Hot & dry Mochis weather yields ripe Keitts, season end is here
Short read: The season is ending abruptly. We are ending on a high note.
One of the most important factors in my “successful” organic mango career is learning to end on a high note. At the personal level, I have maneuvered through various mango networks, regions and growers before setting comfortably in Mexico alongside the Crespo family and El Grupo Crespo. Through this long journey in mangoes (and life) I have learned that good endings, especially in regards to the timing of the ending, in this case of a mango season, is crucial for future, sustainable, long-term success.
The ability to forecast risks, problems and potential losses that every mango season’s end inevitably brings is an invaluable skill. At this juncture of my career, this luckily involves way more experts than me alone. With El Grupo Crespo & the Crespo Organic brand, we have continued to build a process that integrates many likeminded thinkers and visionaries who can hone in on the micro aspects of almost any growing situation or crop scenario. This team can equally and simultaneously keep a bird’s eye view for optimal decision-making in the here and now and for the future success for the program.
Big Kents, gigantic Keitts, rain delays and a lack of 10’s pressure us all
And, of course, it’s not like COVID-19 is no longer an issue…
It would be a gigantic understatement to say this season has been an odd one. While I have said this for consecutive seasons, I really do mean it about this one! Oddly enough, the weather has been fairly cooperative, and crops from the south to the north have been yielding decent amounts of high quality and exceptionally tasty fruit, on time and without much resistance. We have had little opportunity to taut the highlights of the season and stop and recognize the extradentary flavors we are receiving on all mango varietals. The season is bizarre and so currently is the world before us.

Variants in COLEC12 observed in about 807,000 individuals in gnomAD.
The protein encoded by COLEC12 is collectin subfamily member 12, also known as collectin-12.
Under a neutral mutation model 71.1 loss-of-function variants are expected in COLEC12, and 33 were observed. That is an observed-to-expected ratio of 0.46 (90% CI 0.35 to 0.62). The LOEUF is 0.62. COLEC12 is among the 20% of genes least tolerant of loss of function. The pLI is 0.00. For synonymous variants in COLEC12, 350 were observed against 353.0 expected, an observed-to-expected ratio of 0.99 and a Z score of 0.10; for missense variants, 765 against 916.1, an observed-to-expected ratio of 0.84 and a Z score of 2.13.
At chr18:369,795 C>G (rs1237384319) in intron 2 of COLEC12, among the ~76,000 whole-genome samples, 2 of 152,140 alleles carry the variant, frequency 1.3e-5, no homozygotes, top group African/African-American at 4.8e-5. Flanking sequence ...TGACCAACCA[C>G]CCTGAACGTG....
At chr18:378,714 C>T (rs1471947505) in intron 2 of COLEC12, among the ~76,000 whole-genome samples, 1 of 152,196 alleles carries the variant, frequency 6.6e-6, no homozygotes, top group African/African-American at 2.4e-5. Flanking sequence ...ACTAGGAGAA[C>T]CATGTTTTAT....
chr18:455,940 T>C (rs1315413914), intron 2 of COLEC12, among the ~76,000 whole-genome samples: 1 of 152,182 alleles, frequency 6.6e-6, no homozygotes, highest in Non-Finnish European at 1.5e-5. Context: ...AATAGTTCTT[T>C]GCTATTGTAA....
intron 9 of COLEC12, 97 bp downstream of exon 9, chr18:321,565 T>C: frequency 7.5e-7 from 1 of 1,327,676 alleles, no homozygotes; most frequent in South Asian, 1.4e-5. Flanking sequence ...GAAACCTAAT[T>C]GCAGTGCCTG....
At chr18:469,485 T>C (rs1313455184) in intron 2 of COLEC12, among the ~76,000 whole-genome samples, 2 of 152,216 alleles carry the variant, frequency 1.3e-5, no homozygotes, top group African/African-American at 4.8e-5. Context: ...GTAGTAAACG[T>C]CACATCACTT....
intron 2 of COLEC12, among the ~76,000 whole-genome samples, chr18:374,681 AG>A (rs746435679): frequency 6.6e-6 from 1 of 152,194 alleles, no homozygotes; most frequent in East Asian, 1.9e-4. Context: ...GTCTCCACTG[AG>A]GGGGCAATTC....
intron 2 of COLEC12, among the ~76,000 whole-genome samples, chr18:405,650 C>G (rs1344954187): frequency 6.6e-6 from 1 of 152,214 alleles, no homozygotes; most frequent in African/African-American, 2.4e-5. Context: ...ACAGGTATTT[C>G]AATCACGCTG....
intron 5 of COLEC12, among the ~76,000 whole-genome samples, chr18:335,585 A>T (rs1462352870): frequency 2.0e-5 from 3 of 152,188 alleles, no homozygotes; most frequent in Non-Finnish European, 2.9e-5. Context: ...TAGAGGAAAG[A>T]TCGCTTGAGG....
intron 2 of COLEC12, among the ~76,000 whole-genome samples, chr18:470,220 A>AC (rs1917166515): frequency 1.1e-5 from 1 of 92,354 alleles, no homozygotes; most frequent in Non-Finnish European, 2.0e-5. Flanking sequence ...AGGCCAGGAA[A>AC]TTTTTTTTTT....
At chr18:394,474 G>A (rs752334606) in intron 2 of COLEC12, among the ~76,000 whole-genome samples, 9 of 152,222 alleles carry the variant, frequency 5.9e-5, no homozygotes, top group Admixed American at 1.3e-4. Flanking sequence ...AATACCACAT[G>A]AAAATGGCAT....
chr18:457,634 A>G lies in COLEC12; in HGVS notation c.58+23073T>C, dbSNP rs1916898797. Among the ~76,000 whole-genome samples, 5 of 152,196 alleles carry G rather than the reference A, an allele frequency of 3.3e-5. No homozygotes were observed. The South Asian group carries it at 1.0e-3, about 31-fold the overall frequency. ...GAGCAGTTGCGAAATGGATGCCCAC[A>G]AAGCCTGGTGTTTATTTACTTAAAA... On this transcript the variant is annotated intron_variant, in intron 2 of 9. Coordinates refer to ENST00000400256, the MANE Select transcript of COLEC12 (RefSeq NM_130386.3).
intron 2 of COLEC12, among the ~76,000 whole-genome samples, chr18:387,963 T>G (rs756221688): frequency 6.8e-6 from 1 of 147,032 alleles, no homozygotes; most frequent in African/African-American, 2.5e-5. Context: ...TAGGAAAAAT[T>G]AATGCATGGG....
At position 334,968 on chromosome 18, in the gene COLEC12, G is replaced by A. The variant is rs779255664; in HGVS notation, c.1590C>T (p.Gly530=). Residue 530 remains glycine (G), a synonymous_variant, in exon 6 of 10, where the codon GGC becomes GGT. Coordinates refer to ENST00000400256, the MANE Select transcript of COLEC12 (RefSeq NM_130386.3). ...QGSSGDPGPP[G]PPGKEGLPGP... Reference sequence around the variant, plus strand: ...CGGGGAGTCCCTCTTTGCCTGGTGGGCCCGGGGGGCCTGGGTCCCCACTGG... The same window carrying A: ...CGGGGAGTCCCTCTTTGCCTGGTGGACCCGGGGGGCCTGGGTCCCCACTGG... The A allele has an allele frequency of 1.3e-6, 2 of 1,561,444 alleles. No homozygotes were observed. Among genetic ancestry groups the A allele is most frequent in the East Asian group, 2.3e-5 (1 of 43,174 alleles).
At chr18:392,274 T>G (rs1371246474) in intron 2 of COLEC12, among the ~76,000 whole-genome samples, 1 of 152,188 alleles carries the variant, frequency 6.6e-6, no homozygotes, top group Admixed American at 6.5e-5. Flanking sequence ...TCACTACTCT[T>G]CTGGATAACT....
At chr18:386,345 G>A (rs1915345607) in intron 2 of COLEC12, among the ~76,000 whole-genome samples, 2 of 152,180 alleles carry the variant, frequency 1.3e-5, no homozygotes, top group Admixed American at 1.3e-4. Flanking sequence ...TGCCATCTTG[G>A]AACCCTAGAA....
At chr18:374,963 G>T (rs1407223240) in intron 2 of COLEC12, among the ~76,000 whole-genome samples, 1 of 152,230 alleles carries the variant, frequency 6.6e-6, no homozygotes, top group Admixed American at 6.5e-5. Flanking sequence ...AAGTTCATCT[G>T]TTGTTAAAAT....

Are we every really prepared for good things to end?
In recent years, Ataulfo mangoes have become a staple of many mango programs across the USA and Canada. Fruit eaters have warmed to this deliciously sweet and texturally silky mango. The path to increase consumer appreciation has not been easy for the Ataulfo, whose skin is most often blemished and overly wrinkled when it is perfectly ripe. Its shelf life is short, and bruises and scuffs tend to show up more on the Ataulfo – oftentimes showing up and disappearing and showing up and disappearing as the mango moves through the various stages of ripeness. Unlike its counterparts, the Ataulfo mango can only be eaten when ripe, so patience is a must and confusion among consumers regarding when it’s actually ready can be high. It’s Mexican name, celebrating its Mexican heritage, can be hard to pronounce for many North Americans, creating complications in education and marketing and spreading the joy for this mango varietal. Yet, despite all these obstacles, Mexico’s yellow slipper has succeeded, particularly in the organic sector, and especially as more consumers taste it and learn its nuances. Many retailers have succeeded greatly promoting this mango and sales have jumped in recent years. And now, just when everyone is used to its high dollar sales and consumer excitement, the season is ending.
A stronger box in the midst of chaos to ease the burden in building bigger displays of #MuchosMangoes
A few weeks ago I thought things were tough in our industry. With the Corona virus spreading through the USA at an alarming rate, mango sales and specifically the size of mango displays were not getting bigger, despite the wall of mangoes coming from the orchards.
The big, bold displays of #MuchosMangoes celebrating what we call Summer Mango Mania – or the collision point between peak production time in Nayarit & Sinaloa and the height of consumer demand, better known as; SUMMER TIME– have not begun to appear as they usually do by this time. This season, and this week in particular, everything looks different in our world and yet the mangoes still grow and people still eat.